Furthermore, the World Islamic Call Society strove to do away with suspicion and prejudice which have long exited towards Islam in Malta. The society also issued its own monthly magazine entitled “Id-Djalogu” (“The Dialogue”). In the second issue of this same publication, there appeared a brief report stating, that, “In the last two decades, there has been a flourishing of economic and cultural contacts between the Republic of Malta and several Arab countries. This has led to an increase in trust and co-operation in various spheres, resulting in the creation of joint ventures between Arabs and Maltese. Many Moslems have occupied key positions in these factories. As a result, a Moslem community has grown up in Malta, and keeps gradually increasing. Added to the people whom form part of the employed personnel in factories, there is a considerable number of Arab and Moslem students who come to complete their studies in Malta”[9].
 
It is rightly affirmed that the most serious problem that can face a minority is the social absorption by the majority, particularly when the Muslim community is badly organized[10]. However, in the case of Malta, social interaction is somewhat detrimental to the Catholic side. It has penetrated what has hitherto been a population claiming an exclusively Roman Catholic denomination.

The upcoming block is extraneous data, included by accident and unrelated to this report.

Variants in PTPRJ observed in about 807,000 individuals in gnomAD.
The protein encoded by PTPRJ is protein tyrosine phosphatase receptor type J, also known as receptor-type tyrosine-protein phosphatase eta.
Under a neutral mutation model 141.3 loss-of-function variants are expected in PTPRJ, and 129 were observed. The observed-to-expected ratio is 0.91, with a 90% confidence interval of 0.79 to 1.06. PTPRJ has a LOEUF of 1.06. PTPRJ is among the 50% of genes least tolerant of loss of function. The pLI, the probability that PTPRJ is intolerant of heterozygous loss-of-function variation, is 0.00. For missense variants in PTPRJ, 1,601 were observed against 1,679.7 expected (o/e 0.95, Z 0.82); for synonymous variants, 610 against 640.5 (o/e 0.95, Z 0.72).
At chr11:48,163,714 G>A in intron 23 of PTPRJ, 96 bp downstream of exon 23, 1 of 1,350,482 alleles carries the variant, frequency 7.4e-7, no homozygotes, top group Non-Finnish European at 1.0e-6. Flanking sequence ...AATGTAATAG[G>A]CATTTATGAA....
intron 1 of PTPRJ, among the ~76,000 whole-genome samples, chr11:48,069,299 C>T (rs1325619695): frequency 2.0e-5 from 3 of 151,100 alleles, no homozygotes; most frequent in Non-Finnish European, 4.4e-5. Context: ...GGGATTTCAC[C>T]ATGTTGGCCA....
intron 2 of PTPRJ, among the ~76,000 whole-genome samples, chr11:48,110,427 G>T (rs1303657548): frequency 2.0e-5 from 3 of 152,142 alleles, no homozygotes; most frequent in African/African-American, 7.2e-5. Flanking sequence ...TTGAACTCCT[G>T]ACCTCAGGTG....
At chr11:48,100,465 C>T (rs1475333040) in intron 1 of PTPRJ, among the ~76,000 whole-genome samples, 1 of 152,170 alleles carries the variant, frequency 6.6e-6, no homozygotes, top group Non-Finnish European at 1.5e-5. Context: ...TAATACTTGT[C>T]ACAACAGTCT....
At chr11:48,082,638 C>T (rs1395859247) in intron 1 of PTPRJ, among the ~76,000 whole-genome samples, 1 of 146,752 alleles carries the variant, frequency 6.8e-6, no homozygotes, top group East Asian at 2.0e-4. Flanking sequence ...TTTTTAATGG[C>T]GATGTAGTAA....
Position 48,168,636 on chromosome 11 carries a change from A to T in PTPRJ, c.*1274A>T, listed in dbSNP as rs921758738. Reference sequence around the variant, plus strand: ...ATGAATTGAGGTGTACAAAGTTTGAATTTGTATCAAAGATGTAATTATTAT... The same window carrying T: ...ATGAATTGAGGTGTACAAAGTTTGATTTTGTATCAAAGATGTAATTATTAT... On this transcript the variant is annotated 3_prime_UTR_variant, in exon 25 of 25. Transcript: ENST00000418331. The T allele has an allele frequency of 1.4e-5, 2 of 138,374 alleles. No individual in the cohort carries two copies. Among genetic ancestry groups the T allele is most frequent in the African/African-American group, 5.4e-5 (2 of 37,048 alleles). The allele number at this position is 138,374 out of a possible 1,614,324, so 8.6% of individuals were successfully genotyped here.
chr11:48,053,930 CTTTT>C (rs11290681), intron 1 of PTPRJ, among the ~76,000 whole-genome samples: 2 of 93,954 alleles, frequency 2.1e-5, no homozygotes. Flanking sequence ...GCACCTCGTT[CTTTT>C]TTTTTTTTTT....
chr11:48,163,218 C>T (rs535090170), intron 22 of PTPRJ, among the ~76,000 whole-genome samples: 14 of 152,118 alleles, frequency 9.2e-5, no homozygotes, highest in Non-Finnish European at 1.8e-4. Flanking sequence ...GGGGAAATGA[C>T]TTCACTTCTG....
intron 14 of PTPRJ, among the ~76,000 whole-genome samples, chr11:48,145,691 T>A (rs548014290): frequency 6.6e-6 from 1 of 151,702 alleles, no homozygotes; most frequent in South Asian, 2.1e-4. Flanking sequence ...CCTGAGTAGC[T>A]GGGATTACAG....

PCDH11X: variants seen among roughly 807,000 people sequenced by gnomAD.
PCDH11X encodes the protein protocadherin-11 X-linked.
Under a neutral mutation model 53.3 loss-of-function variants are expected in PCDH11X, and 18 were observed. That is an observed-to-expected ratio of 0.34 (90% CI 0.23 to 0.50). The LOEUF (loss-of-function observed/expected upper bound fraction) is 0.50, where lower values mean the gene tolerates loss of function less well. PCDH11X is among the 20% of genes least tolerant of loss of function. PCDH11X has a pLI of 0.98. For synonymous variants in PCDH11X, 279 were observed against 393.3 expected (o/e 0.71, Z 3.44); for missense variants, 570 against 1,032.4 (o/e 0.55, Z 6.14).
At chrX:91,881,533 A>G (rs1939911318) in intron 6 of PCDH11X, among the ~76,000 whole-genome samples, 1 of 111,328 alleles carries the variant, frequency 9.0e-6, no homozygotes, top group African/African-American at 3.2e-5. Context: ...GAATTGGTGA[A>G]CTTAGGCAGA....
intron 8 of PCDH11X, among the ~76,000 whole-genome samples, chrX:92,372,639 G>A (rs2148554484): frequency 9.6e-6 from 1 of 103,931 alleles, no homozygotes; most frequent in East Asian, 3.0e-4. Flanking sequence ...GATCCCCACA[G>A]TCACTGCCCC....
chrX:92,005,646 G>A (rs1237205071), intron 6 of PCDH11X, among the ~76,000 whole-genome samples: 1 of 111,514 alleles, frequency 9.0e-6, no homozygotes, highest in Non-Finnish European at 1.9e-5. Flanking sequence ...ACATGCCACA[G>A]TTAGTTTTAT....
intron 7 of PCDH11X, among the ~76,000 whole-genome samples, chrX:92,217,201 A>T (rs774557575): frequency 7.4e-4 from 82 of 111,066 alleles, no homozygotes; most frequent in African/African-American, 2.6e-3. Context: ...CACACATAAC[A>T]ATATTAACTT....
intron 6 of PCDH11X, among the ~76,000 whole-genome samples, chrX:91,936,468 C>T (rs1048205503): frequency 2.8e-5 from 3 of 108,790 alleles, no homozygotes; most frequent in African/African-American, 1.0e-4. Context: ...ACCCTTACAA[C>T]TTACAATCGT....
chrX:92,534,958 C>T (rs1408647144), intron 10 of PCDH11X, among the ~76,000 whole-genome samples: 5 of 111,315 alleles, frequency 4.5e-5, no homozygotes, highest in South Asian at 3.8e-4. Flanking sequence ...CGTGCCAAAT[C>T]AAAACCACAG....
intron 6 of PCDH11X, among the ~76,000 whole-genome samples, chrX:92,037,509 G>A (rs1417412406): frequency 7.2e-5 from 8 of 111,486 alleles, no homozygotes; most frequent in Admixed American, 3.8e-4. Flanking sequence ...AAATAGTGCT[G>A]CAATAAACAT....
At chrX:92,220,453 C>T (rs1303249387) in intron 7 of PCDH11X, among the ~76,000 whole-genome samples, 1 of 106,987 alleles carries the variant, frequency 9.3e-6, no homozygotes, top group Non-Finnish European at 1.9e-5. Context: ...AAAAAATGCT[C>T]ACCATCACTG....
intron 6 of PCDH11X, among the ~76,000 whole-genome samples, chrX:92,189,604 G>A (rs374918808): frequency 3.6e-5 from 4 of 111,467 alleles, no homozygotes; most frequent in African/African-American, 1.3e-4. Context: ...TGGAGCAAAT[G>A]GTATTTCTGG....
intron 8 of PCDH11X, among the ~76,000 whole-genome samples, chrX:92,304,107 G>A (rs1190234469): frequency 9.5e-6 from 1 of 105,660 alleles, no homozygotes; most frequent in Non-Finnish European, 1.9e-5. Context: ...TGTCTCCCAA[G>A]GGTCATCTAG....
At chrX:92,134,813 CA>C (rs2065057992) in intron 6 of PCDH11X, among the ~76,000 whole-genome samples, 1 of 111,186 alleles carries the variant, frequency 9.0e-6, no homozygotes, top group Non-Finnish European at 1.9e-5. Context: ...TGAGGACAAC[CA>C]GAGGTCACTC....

Mixed marriages between Muslim males and Maltese Catholic females are stepping up the process of Islamization. Due to this factor, the Muslim minority is on the increase, which process is likely to continue especially if their offspring will one day marry partners of the same faith.
 
Finally, the right of dual citizenship, together with the right for employment and voting in the general elections are essential means that will surely enable the Muslim minority in Malta to penetrate the corridors of power politics in the not too distant future.
 
 
 
 


[1] VELLA, A.P., Storja ta’ Malta, Vol. I, Malta, 1984, p.63.
[2] WETTINGER, G., “The Arabs in Malta” in Mid-Med Bank Ltd. Report & Accounts, Malta, 1984, p. 26.
[3] OGARA, F., Summa Grammaticae Hebraicae, Romae 1942, p.IX.
[4] Iż-Żmien, 6/10/1971, Malta pp.1,8.
[5] Mediterranean News, 27/4/1980, Malta, p.2.
[6] Ibid., 9/10/1977, p.8.
[7] Cfr.: Lumen Gentium, n. 16; Nostra Aetate, n. 3.
[8] Risalat Al-Jihad, Issue 67, Malta, 1988, p.22.
[9] Id-Djalogu, n.2, Malta, 1987, p.8.
[10] KETTANI, M.A., “The Problems of Muslim Minorities and Their Solutions” in Muslim Communities in Non-Muslim States, London, 1980, pp. 103-104.

 

VELLA GAUCI J, Islamic Law and Mixed Marriages in Malta, London 1991.